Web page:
Procedure 7-7

Outdoor Group Activities/Weather Hazards

Responsible Officer: Vice President for Administration and Campus Operations

Sponsoring Department: Emergency Management

Revision Date: 05 March 2012

Errors or changes to:

Procedure Objective

The objective for this procedure is to ensure that event planners who hold outdoor events develop specific plans to protect attendees from severe weather hazards.


The scope of the procedure will address actions that may be taken by event planners during the planning process to be aware of potential bad weather before, during, and after an event; what actions may be taken during an event if severe weather occurs; and what to do in the aftermath of a severe weather event.


It is up to the event planner to contact The University of Texas at Arlington (UT Arlington) emergency management coordinator to review outdoor venue severe weather plans before an event. Because each outdoor event is unique, hazardous weather planning is critical to the life safety of participants.



Section I. Before Any Event

Before any event, the event planners should research types of weather that may occur during the particular time of year the event is scheduled. Once potential hazardous weather or conditions are identified, mitigation efforts should be included in the event planning.

Section II. Lightning

In the event of weather conditions with the potential of lightning activity, careful monitoring of the weather dynamics is required. Such factors as the developing cloud patterns in the area and the lightning and thunder activity should be considered. Indicators such as the interval between sighting of lightning and the subsequent report of thunder and the cloud formations in the immediate vicinity can serve as guides for making the decision to suspend activities. An interval of five seconds between the flash of lightning and the sound of thunder indicates the lightning is about one mile away. It appears that any lightning closer than five miles without any cloud formations in the immediate area would warrant suspension of activities. In conditions where there is observable lightning and cloud cover in the immediate areas, activities should be suspended.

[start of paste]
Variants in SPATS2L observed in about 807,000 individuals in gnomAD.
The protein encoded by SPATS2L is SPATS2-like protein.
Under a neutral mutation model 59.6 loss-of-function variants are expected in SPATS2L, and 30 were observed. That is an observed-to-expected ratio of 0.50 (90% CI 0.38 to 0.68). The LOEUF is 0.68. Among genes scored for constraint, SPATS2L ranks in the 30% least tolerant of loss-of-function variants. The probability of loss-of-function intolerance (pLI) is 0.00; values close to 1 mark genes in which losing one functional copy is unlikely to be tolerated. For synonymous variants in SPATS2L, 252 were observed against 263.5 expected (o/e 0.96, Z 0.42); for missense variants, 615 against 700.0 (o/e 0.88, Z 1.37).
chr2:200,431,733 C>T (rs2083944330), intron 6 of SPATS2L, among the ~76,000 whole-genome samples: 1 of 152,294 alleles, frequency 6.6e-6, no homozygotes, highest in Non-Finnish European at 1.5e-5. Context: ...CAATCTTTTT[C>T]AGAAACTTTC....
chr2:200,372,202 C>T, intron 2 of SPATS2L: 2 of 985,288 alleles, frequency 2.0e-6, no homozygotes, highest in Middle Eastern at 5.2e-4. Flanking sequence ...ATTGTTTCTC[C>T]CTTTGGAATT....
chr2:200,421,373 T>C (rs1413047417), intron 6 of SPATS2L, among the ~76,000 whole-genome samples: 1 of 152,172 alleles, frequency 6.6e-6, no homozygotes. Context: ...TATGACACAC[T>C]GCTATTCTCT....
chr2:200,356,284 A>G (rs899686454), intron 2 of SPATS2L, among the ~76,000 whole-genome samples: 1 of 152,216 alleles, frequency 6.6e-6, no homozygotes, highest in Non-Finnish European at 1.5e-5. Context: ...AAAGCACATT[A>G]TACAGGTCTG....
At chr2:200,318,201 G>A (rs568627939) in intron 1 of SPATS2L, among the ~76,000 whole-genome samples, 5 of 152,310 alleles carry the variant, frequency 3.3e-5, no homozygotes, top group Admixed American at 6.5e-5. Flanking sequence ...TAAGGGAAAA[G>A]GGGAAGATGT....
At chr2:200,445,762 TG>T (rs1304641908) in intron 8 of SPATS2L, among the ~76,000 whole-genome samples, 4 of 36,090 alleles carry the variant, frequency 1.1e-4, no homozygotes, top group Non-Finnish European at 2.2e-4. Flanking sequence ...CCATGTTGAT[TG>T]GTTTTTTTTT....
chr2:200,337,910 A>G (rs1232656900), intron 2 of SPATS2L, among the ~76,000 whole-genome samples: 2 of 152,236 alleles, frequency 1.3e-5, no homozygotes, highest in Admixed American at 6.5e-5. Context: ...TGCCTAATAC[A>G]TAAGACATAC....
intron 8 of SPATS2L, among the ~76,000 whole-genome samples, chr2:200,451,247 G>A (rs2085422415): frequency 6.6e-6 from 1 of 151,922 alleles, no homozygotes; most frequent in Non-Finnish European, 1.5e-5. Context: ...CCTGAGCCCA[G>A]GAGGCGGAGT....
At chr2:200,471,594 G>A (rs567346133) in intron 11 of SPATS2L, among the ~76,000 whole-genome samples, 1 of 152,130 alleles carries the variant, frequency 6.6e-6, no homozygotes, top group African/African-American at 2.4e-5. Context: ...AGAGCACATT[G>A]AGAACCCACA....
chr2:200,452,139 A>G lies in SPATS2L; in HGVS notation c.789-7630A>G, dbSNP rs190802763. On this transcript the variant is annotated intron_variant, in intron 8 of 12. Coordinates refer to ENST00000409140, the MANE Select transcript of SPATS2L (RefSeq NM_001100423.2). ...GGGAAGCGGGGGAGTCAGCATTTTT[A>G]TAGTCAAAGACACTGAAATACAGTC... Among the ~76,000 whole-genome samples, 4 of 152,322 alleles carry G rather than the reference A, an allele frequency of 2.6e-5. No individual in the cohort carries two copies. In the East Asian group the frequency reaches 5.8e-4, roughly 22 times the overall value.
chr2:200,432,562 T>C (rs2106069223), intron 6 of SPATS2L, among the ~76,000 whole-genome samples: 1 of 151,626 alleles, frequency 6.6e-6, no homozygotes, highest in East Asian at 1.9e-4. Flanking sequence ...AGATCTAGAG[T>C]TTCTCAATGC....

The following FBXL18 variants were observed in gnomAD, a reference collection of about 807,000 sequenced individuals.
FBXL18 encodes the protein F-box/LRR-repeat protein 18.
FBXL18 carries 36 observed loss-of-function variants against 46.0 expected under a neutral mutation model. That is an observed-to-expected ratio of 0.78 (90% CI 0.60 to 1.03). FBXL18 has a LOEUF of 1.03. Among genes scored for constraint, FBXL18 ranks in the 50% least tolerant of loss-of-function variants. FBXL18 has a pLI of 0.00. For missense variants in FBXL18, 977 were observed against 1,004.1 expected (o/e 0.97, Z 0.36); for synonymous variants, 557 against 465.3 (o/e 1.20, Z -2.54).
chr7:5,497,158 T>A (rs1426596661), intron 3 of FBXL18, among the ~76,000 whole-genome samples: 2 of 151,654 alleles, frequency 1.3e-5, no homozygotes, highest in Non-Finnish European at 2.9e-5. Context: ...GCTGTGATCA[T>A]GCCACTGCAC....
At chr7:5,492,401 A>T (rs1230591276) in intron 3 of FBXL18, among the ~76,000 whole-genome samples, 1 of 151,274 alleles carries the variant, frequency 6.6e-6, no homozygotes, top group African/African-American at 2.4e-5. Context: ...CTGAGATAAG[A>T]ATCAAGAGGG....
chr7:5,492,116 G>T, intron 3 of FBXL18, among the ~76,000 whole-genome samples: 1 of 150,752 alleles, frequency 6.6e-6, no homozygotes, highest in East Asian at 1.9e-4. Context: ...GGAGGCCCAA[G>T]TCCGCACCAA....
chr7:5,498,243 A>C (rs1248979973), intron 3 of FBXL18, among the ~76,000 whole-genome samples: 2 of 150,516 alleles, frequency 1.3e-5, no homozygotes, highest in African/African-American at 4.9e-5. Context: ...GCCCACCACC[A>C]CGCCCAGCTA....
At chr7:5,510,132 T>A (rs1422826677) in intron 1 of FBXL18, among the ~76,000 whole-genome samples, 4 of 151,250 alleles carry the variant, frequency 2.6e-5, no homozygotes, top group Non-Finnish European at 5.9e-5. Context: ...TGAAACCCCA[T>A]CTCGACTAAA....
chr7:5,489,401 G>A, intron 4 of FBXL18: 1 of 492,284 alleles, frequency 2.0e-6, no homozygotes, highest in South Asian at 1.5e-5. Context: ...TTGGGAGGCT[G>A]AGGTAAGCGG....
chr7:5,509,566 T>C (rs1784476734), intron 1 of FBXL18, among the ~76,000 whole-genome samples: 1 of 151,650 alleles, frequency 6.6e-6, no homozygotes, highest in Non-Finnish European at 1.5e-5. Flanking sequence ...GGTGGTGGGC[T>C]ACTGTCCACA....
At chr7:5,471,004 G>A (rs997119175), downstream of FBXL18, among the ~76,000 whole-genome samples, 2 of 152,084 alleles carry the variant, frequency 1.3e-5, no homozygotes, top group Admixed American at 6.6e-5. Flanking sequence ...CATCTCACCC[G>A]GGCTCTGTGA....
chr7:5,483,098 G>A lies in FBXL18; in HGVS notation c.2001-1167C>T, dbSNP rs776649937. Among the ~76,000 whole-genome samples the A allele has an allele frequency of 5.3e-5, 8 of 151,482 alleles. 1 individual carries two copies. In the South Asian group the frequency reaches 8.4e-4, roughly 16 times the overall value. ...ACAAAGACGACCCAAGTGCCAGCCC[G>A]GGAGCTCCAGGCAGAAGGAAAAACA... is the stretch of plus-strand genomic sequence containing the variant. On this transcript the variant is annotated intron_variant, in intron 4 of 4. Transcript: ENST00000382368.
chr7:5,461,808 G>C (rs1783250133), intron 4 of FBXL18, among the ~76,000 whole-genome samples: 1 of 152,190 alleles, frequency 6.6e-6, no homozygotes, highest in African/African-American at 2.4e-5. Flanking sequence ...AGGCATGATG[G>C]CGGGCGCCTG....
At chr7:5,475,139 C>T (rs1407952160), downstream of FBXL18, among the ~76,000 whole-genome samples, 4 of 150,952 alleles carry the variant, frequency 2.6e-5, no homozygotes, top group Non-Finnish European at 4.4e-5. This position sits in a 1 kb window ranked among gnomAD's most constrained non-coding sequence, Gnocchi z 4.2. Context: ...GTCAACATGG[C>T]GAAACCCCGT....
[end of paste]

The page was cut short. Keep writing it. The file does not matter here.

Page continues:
There is no safe place outside when thunderstorms are in the area. If thunder is heard, you are likely within striking distance of the storm. Evacuation to substantial buildings and hard-topped vehicles are safe options. A safe building is one that is fully enclosed with a roof, walls and floors, and has plumbing or wiring (excludes temporary, portable, or metal buildings).

There is no safe place outside when thunderstorms are in the area. If thunder is heard, you are likely within striking distance of the storm. Evacuation to substantial buildings and hard-topped vehicles are safe options. A safe building is one that is fully enclosed with a roof, walls and floors, and has plumbing or wiring (excludes temporary, portable, or metal buildings).

Lightning safety tips when assisting individuals who are outside when lightning is seen or thunder is heard, or when dark clouds are observed:

  • Postpone activities promptly; do not wait for rain.
  • If you cannot get to a shelter, stay away from trees.
  • If you are out in a field, get to the lowest point.
  • Keep an eye on the sky.
  • Listen for the sound of thunder. If you can hear thunder, go to a safe shelter immediately.
  • If you see or hear a thunderstorm coming or your hair stands on end, immediately suspend outside activity and go to a safe building or car.
  • Avoid metal.
  • Move away from a group of people.

Lightning safety tips once inside a safe building:

  • Avoid contact with electrical equipment or cords.
  • Avoid contact with plumbing.
  • Stay away from windows and doors, and stay off porches.
  • Do not lie on concrete floors and do not lean against concrete walls.

UT Arlington has a lightning prediction system in place to monitor outdoor activity venues, e.g., Maverick Stadium, Clay Gould Ball Park, Intramural fields, MAC, etc. The system is monitored and activates automatically to warn participants of the potential for lightning. Specific actions are outlined by the UT Arlington Athletic Department, Maverick Stadium, and Campus Recreation as to what to tell participants to do, where to go, etc.

Section III. Wind/Downburst

Power outages may occur with as little as twenty-five mile per hour winds and can up-root trees with shallow roots. If an event has tents, be cautious of the stability of the structure. Wind can pose a hazard to participants or spectators, and if the event planner determines that winds pose a life safety issue, then activities should be suspended.

Section IV. Hail

Most hailstorms develop in the presence of cumulonimbus clouds and other severe weather phenomena. Hailstones can cause serious damage, notably to automobiles, aircraft, skylights, glass-roofed structures, and people. Hailstorms rarely last more than 15 minutes.

Some safety tips for hailstorms that an event planner should know or may want to pass on to participants are as follows: